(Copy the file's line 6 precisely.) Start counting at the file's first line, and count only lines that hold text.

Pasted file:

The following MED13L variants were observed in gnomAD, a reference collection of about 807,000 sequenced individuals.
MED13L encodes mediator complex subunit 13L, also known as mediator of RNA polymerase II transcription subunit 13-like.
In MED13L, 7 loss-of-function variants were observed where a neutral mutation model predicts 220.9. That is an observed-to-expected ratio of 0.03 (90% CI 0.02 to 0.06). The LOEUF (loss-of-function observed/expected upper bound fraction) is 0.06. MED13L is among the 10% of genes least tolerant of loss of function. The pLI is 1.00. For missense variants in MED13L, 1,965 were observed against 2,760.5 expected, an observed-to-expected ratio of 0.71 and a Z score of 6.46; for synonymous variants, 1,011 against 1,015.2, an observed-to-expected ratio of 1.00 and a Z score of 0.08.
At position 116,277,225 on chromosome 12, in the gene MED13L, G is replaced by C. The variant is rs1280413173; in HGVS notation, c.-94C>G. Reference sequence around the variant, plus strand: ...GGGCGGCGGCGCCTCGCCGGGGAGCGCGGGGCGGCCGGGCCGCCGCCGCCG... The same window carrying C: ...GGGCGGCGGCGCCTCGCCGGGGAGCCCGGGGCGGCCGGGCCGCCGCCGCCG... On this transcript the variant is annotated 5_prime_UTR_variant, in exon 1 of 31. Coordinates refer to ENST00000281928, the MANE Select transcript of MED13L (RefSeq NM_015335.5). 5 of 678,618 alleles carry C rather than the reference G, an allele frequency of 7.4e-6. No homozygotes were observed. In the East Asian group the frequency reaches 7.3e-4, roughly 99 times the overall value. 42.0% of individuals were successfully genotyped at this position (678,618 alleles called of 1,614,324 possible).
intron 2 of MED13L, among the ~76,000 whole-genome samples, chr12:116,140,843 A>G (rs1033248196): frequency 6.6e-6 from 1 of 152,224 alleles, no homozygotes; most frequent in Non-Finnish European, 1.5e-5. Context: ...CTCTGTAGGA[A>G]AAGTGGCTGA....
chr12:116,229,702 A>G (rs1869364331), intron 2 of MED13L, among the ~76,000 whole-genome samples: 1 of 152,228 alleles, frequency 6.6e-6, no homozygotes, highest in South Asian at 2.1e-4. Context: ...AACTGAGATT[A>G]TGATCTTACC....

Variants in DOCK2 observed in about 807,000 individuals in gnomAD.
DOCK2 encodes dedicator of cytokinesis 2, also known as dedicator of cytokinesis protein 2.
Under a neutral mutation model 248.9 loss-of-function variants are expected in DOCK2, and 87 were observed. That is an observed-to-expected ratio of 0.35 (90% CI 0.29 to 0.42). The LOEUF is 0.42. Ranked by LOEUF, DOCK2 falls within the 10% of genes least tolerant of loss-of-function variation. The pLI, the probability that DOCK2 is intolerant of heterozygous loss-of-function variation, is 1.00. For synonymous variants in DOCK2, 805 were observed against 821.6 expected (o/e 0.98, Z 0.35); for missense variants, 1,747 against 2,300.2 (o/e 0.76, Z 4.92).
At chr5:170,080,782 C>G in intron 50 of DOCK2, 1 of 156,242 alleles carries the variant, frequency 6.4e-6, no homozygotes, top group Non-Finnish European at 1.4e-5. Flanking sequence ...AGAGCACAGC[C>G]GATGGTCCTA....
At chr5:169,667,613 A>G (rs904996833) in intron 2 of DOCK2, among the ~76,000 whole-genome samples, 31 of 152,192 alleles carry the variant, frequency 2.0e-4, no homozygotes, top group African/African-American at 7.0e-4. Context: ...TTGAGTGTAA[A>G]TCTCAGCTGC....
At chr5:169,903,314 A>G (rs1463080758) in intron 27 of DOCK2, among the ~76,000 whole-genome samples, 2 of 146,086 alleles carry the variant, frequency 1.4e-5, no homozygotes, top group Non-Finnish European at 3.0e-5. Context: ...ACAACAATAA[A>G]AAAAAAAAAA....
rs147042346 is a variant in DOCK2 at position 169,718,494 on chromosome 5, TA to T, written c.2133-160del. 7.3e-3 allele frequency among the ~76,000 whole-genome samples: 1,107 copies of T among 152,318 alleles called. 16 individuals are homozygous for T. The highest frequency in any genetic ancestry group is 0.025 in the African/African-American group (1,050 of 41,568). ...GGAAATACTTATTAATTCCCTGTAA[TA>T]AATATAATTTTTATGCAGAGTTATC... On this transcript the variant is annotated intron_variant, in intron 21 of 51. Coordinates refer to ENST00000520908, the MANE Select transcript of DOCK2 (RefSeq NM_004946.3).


chr12:116,229,702 A>G (rs1869364331), intron 2 of MED13L, among the ~76,000 whole-genome samples: 1 of 152,228 alleles, frequency 6.6e-6, no homozygotes, highest in South Asian at 2.1e-4. Context: ...AACTGAGATT[A>G]TGATCTTACC....